There was never any need to rev up Tobin stories since they were in their most basic form the most out there events you could imagine. And Tobin following the Green Arch with a noose on is hooey. If fact, when we first did the Green Arch free (an amazing lead by Ricky), Tobin literally fell his way up it.

One of the things I've always been curious about is the generation before us (Charlie Raymond, Pat Callis, etc.) who did many first ascents at Suicide. I never met any of those guys and never heard their stories.

JL
scuffy b

climber
S Cruz
Feb 24, 2006 - 12:05pm PT
Largo
A comparative old-timer told me, like thirty years ago,
that Charlie Raymond was the most natural crack climber he had
ever seen.
He said that when watching Pratt climb cracks, you could imagine
the wheels turning in his head, calculations being performed.
He said watching Raymond was like watching water flow.
sm
Wonder

climber
WA
Feb 24, 2006 - 12:24pm PT
yeah Tar, i havent seen those bros in 15 years.
Off White

climber
Tenino, WA
Feb 24, 2006 - 12:49pm PT
Gramicci said: I liked it (your logo) book says you’re the illustrator, you do it?

I was the guilty party on that bit of blatant hero worship and plagarism. Though I don't think I ever saw the Stonemaster logo, but the S and lightning bolt was described to me. I toyed with adding a lower case "b" made out of a lost arrow profile to lessen the copycat effect, but graphically it just didn't work.

In the seventies, it was clear that a tribal approach to climbing, like the Stonemasters or the Vulgarians or hippie communes, was the motif to emulate. You wound up with an interconnected pool of partners and developed a shared history, you could be a rugged individualist but not have to walk alone.

Scumbag was born at a late night session at the Tu-Vu drive-in, three bucks a carload for three movies. We were stoned as you could get on Columbian and watching the Groove Tube. One of the skits had a woman bellow "F*#k you, you Rumanian scumbag" and we were instantly enamored of the term.

The name of our loose association saw official life in the couple of vanity press publications I did, as well as the name of my first company, Scumbag Mountaineering, which produced cheap pile clothing back when the stuff was still new. I mostly sold locally (I had moved to Olympia, WA) and made periodic road trips to the valley with big duffle bags, selling out of the Lodge and C4 lots. When I started mail order sales, I decided to tone the name down and became Brand X, which lives on today albeit as my construction company.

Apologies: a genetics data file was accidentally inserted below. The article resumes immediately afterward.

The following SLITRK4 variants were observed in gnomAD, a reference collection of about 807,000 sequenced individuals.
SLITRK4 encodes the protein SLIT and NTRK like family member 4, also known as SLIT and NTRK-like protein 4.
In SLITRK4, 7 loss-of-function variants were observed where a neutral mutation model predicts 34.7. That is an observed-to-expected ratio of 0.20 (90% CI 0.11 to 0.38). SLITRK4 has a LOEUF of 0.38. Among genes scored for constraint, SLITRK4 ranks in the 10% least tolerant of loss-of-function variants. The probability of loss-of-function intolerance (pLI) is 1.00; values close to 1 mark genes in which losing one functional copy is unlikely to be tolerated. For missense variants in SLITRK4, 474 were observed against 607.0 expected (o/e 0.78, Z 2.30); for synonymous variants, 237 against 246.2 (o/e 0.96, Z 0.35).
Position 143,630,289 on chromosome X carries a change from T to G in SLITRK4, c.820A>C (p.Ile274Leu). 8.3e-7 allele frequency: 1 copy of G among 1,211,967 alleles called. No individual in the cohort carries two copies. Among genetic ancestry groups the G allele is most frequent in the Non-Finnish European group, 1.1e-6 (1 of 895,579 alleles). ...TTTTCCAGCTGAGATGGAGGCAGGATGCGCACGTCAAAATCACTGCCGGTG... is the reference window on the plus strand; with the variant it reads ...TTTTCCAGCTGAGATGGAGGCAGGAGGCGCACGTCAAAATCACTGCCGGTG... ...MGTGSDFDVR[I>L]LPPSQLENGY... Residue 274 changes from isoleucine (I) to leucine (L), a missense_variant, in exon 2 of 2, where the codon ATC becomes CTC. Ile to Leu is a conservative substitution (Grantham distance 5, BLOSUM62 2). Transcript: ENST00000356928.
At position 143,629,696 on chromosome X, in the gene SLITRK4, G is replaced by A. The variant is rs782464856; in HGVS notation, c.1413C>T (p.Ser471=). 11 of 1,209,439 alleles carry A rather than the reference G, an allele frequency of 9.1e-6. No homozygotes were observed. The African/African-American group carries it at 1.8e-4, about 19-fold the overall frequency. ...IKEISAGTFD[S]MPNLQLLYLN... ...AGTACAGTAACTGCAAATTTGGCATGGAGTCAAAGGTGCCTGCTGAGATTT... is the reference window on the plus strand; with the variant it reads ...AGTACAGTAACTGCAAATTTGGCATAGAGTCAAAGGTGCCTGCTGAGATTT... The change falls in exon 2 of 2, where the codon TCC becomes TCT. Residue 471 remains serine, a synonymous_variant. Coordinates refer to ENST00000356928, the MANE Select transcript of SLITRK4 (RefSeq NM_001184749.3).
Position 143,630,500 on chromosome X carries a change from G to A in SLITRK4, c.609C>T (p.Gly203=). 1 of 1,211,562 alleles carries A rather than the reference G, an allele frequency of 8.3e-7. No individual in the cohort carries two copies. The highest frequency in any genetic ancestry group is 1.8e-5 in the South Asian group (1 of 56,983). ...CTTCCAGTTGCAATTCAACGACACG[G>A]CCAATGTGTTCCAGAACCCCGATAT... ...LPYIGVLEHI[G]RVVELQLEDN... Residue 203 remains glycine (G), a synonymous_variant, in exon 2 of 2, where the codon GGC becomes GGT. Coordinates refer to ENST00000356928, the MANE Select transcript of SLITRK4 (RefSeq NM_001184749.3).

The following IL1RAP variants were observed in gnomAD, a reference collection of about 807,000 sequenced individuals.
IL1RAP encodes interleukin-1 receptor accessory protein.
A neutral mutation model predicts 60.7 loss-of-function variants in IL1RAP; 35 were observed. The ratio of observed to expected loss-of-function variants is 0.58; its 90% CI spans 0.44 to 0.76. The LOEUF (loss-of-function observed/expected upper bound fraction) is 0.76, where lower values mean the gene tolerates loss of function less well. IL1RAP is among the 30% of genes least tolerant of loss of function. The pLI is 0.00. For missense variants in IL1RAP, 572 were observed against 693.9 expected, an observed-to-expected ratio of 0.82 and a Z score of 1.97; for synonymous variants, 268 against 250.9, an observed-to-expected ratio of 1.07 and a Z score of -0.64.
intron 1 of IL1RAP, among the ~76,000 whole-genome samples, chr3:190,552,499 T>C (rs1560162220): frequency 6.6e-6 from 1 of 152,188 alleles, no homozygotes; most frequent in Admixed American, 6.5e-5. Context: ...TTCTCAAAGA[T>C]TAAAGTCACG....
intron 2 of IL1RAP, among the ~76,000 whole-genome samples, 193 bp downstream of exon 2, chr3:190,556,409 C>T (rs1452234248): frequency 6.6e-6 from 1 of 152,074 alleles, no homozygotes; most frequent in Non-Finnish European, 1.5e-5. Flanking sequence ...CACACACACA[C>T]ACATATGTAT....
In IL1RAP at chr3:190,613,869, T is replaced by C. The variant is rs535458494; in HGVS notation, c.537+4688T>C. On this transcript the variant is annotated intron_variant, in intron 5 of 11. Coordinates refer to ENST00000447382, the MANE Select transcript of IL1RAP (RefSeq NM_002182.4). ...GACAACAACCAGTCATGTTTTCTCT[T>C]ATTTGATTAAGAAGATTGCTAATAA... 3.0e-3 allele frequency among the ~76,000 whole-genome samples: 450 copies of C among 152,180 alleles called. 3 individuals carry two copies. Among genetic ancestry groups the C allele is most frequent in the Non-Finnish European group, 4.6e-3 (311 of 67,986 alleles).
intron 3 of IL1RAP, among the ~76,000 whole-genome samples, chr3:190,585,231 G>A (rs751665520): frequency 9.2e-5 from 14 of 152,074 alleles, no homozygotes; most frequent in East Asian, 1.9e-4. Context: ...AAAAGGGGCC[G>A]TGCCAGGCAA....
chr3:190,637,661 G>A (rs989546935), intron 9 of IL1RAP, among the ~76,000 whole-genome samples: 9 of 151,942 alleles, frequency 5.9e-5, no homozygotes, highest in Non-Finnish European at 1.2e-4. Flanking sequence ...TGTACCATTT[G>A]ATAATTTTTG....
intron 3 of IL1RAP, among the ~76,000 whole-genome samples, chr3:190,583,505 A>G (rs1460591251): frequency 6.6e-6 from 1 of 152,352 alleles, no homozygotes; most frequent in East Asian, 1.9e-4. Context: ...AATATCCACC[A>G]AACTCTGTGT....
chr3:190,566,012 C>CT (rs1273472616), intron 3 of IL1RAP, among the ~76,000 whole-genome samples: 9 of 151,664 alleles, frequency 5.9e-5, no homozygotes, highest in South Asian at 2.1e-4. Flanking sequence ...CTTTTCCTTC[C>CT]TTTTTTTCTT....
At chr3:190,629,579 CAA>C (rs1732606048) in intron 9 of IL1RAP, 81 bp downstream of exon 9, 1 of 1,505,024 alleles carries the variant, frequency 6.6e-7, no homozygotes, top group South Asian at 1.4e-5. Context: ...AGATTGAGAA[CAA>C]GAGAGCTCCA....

So, there you go, a nutshell history of some wannabe spinoffs.

Rick A

climber
Boulder, Colorado
Feb 24, 2006 - 12:57pm PT
I did witness the actual Tobin "noose incident," but you gotta save a few for the book!
Klimmer

Mountain climber
San Diego
Feb 24, 2006 - 01:05pm PT
Tar-

YES is best. They still are. I believe they are even better today. I've gone to every YES concert in San Diego (except 3) and some even up in LA when they come through town. I'm a serious YEShead. Always will be. They have been very prolific these last 7 years. I was getting serious into climbing at the same time I got into YES. The "Fragile" album (we are talking records here) has a large art/credit insert with a watercolor painting by the other YES member Roger Dean, of a climber ascending a mythical pillar and you can see the lead-rope trailing. When I climb I often have YES music in my head. Maybe I'll try to scan in that image later when I get home. It's classic. "South Side of the Sky" is about Himalaya climbers getting lost in a storm and finding the warmth of death. John Anderson in San Diego told us so 2 years ago.

I'm trying to get up the courage to tell one of my Mike Paul stories that combines herb, and a moral remote story tie-in to Tobin S. although I never met Tobin. By the way, what is Paul doing these days? I know he was way into music, since also being a musician himself.
Gramicci

Social climber
Ventura
Feb 24, 2006 - 01:07pm PT
I’m guessing Doug White? That was pretty cool to hear that story of evolution

Brand X is a good coin.

I’d like to hear Dave Goeddell come out of the woodwork among others

RA, I saw the hanging too, fortunately the trap door didn’t open that day.
Off White

climber
Tenino, WA
Feb 24, 2006 - 01:16pm PT
Yep, Doug White it is.

Garment trade's tough, innit? Is there a Gramicci (the company) history hidden somewhere in one of these threads that you can point me to? I'd love to read one.